How to Create a Point of Difference
in a Commodity Market

Central Packaging Delivers an ‘Experience’

When is a widget not a widget? If you’re in a commodity business, you’re constantly striving to achieve and maintain a competitive point of difference. By their very definition, widgets are the same from provider to provider. To differentiate yourself, you must add value that matters to your customers.
Mike Pasley for SSCentral Packaging sells widgets of sorts. More than 10,000 of them, in fact. Their actual product offering includes bags, boxes, tags, tape, tubes and more. You can purchase these products from dozens of suppliers. However, Central Packaging’s customers don’t really buy products—they buy the experience, the relationship, the support and the confidence they get with each and every purchase.

The company was successful from the start. With success comes growth– from $400,000 to more than $7 million in less than 15 years, now with a team of 15 employees. And they’ve got lofty objectives:  Central Packaging is on track to grow to $15 million by 2019.

With growth comes a cadre of challenges—many of them systems and people related.

A Shift from Management to Leadership

Mike Pasley, president, recognized that what got him here wouldn’t get him there. Mike’s personality style is very direct. He’s an executor; he gets things done. The softer side of leading his employees was not necessarily on his radar. He knew he could do better—he had to learn to lead his people, not just manage the work. He had to learn to vary his leadership style to meet various people’s needs.

It was time to bring in someone with expertise in those areas. Mike relied on his relationship with a keynote speaker and business growth consultant he had met through a Kauffman Foundation event, sponsored by the Helzberg Entrepreneurial Mentoring Foundation, and made the call to Joe Calhoon. Hesitant to work with a “consultant” at first, Mike was soon a fan. “Joe Calhoon brought a bundle of value—he facilitated our business growth and leadership development processes. We learned to talk in terms of Vision, Mission, Values, Strategies and Objectives. Joe forced us to communicate! It was eye-opening.”

As a result of the work they’ve done with Joe, the “team has morphed and changed,” said Mike. “The process gave people a hand in authoring our business plan. Involving the team has changed the way we worked together—it’s better, more comfortable.”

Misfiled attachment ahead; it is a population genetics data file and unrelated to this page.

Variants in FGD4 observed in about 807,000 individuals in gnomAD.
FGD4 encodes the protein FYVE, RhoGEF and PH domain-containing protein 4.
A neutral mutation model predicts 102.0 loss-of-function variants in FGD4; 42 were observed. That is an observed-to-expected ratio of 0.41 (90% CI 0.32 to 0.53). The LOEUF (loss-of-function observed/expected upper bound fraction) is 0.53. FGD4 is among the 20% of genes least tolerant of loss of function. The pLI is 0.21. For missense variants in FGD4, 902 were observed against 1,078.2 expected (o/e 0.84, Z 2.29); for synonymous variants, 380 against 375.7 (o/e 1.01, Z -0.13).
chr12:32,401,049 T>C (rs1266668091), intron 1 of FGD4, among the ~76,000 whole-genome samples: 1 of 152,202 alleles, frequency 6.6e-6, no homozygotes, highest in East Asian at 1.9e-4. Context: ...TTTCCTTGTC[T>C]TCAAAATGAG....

With all the planning steps complete, the Cental Packaging team meets every month to celebrate their achievements and reinforce the new business growth habits they’re creating. Mike notes that “the best way to learn is to teach,” which he does in his monthly meetings with employees.

CPChange isn’t always comfortable, and Mike was the first to admit it. “At first, I was extremely uncomfortable when I tried to compliment others for their achievements,” said Mike. But with some training and practice, it became an integral part of how the team works together. Mike said, “I learned how to compliment and celebrate accomplishments and I’ve seen the positive effects. We’re in a constant cycle of renewal. Our culture is strong, our processes are improving.”

Mike says it’s easy to identify the top four “take-aways” from his work with Joe and the PriorityAdvantage™ system. He has learned to:

  1. Celebrate success. This practice has raised the level of engagement and commitment of his entire team.
  2. Involve employees in the creation of the business plan—it’s powerful and gives employees ownership.
  3. Use a professional, outside facilitator to manage and guide the process—there’s more buy-in from the participants, and they’re more committed.
  4. Designate and maintain a formal time to celebrate the team’s achievements, learn from the experiences, evaluate the plan and commit to new priorities for each member of the team

Creating and Refining the ‘Experience’

“After three years, our employee engagement, customer satisfaction, revenue and profits had hit all-time highs,” Mike said.

“No matter the size of your company, you must always be on the same page,” said Mike Pasley. Joe Calhoon got us on the same page. Continuing to apply the Priority Advantage™ practices of Planning, Achieving and Renewing has given us a distinct competitive advantage, said Mike. “Our people have a strong sense of engagement; we’re better able to concentrate on customer satisfaction.” And that’s what makes a widget something altogether more valuable.